How plants absorb water from soil?

How plants absorb water from soil?

Plants absorb water from the soil by osmosis. Plants absorb water and nutrients through the xylem: a tissue made up of thin tubes located just below the surface of the plant’s stems. They absorb mineral ions by active transport, against the concentration gradient. There are two processes involved in how a plant absorbs water: capillary action and transpiration.

Root hair cells are adapted for taking up water and mineral ions by having a large surface area to increase the rate of absorption. The molecules in this tissue attract water molecules from the soil, so that the water is pulled upwards. This process is called capillary action. They also contain lots of mitochondria, which release energy from glucose during respiration in order to provide the energy needed for active transport. In the case of plants, it’s solar energy that pulls the water upward. Sunlight evaporates the water on the surface of the foliage leading to a process known as transpiration.

Absorption of water by Roots from the soil

The organ by which plant absorbs water: Plant absorbs water by root hair.

The water which plant absorbs: Only capillary water remaining inside the fine spaces of soil particles is absorbed by plants.

There are two notable theories for water absorption:
1. Passive absorption
2. Active absorption.

Figure: Absorption of water by Roots (Mechanism of Osmosis)

1. Passive absorption
A scientist, named Kramer explained this method. According to him, Diffusion Pressure Deficit (D.P.D.) is made in the mesophyll tissue due to transpiration. The D.P.D. gradually passes through leaf, stem, and root and ultimately reaches the root hairs. As a result, a suction pressure is produced and plants absorb capillary water from the soil. No metabolic energy is required in this process.

2. Active absorption
Metabolic energy is required in this process. In fact, the absorption in this process takes place by osmosis.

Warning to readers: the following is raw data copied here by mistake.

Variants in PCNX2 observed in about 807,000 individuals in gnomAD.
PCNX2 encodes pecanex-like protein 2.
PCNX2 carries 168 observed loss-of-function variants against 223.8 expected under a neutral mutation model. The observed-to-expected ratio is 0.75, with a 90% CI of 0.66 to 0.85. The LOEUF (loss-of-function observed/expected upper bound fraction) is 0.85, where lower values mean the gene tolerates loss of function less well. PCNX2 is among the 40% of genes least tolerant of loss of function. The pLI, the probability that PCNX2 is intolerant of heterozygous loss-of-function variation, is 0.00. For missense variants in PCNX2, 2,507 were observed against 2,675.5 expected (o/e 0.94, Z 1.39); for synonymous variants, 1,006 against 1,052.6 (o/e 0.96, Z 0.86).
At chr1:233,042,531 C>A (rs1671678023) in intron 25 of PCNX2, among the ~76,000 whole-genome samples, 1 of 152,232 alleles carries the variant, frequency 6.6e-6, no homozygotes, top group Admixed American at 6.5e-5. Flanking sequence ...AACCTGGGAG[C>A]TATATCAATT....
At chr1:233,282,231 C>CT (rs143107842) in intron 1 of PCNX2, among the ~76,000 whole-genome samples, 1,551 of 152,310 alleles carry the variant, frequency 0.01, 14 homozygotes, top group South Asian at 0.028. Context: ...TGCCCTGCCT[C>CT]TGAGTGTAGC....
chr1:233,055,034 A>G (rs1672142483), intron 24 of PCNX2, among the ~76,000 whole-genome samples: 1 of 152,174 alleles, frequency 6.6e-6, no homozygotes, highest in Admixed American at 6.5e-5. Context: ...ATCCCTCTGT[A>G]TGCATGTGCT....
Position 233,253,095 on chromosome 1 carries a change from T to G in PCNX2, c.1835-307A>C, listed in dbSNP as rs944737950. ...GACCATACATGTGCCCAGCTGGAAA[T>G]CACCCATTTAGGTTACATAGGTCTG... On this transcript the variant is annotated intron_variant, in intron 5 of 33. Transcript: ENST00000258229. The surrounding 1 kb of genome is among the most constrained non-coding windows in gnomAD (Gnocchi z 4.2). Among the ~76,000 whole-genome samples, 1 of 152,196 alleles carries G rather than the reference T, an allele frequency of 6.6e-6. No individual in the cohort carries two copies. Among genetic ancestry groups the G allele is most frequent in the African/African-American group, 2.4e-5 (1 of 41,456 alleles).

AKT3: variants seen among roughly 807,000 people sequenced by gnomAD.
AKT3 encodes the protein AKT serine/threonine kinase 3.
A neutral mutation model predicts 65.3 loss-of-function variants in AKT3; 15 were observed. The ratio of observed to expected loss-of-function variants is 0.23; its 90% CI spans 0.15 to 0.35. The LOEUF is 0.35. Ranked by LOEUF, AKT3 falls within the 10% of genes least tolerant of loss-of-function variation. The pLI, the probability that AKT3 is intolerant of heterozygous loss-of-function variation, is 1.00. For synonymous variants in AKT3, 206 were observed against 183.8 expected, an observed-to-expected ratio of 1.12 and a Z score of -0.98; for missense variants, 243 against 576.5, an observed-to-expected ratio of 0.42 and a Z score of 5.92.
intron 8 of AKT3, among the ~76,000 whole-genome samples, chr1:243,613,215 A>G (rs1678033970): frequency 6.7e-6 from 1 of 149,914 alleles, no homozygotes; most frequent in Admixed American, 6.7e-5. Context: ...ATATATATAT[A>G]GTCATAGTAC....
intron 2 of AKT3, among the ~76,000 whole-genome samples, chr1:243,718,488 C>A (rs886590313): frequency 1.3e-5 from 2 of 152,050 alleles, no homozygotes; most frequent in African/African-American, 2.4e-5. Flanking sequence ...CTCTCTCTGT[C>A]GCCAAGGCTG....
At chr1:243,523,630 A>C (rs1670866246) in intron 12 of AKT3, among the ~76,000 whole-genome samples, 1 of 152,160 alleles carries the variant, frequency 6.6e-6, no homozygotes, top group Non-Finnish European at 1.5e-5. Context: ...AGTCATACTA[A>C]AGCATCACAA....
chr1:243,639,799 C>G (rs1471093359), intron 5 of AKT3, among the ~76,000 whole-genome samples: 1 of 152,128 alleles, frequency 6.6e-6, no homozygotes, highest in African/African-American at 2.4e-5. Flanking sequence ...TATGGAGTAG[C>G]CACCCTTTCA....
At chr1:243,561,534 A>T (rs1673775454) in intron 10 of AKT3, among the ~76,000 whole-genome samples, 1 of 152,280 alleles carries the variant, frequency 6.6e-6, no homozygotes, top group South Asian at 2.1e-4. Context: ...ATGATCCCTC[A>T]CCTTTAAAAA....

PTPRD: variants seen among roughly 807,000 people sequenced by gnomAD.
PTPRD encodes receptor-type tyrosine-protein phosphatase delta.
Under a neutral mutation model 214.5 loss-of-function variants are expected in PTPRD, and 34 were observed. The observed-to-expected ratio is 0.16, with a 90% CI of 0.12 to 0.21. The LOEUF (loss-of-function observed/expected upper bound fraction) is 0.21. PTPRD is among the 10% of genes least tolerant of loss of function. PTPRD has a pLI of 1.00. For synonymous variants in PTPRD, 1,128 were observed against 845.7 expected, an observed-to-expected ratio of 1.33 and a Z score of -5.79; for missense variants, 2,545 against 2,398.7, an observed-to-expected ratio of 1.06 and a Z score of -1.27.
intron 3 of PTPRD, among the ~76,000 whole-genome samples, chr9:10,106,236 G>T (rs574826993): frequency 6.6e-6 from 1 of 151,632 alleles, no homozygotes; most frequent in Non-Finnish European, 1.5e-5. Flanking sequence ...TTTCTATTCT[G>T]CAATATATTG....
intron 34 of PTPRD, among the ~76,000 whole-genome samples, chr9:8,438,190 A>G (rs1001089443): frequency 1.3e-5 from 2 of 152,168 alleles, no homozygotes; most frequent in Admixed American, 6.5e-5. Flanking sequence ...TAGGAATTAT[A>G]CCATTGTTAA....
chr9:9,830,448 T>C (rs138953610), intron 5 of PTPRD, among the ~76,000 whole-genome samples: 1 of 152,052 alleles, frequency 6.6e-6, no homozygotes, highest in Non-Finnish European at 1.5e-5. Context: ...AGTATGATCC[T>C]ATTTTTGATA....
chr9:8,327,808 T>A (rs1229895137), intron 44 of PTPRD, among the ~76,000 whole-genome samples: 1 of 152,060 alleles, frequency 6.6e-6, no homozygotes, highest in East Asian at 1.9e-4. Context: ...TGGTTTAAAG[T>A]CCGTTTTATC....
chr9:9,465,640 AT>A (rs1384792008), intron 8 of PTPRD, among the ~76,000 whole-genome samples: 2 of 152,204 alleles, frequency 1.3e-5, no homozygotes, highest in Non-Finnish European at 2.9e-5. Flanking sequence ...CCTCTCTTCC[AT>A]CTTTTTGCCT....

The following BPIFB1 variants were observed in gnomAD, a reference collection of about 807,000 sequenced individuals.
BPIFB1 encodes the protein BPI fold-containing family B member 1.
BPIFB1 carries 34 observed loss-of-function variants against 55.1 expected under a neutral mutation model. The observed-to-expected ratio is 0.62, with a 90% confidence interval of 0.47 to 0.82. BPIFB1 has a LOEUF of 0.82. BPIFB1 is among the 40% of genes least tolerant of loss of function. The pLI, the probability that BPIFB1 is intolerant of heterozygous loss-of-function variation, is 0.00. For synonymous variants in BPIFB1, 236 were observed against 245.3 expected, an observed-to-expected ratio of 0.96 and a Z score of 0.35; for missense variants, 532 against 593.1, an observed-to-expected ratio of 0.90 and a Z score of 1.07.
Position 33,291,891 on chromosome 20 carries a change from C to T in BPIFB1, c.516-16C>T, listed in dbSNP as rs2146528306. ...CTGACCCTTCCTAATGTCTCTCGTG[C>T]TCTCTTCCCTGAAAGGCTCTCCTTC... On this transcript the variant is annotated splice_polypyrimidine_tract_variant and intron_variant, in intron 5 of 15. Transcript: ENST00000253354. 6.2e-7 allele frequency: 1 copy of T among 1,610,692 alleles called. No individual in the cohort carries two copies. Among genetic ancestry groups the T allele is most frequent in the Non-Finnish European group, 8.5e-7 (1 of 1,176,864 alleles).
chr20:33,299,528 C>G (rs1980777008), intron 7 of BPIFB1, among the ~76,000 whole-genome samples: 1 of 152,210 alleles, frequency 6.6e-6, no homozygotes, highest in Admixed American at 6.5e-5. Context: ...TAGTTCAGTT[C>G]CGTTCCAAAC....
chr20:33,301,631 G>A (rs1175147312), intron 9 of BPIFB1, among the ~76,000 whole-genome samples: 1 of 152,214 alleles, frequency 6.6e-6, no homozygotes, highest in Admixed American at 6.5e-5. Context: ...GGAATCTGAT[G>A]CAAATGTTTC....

Atkens (1916) and Priestly (1921) mentioned the role of osmosis in the process of absorption by root hairs. According to them, absorption takes place due to the variation of osmotic pressure (0.P.) in between the capillary water and the root hair sap.

The process of active absorption
As the O.P. of the root hair sap is greater than the O.P. of capillary water, so the capillary water enters the root hairs. This water gradually reduces the concentration of the root hair sap. Following cell to cell osmosis, water from the root hair reaches up to the endodermis passing through epidermal cells. Now, the flows of water occur through passage cells of the endodermis.

In this process, the cortex cells become turgid at one time by absorbing water and they again become flaccid when their water is transferred to the adjacent cells. These flaccid cells again become turgid by absorbing water. A pressure produced in the cells by gradually being flaccid and turgid due to osmosis is called root pressure (RP.). The water absorbed by osmosis enters the xylem vessels and from xylem vessels, it reaches the leaf by root pressure (R.P.).

The absorbed water is transported through the roots to the rest of the plant where it is used for different purposes:

  • it is a reactant used in photosynthesis
  • it supports leaves and shoots by keeping the cells rigid
  • it cools the leaves by evaporation
  • it transports dissolved minerals around the plant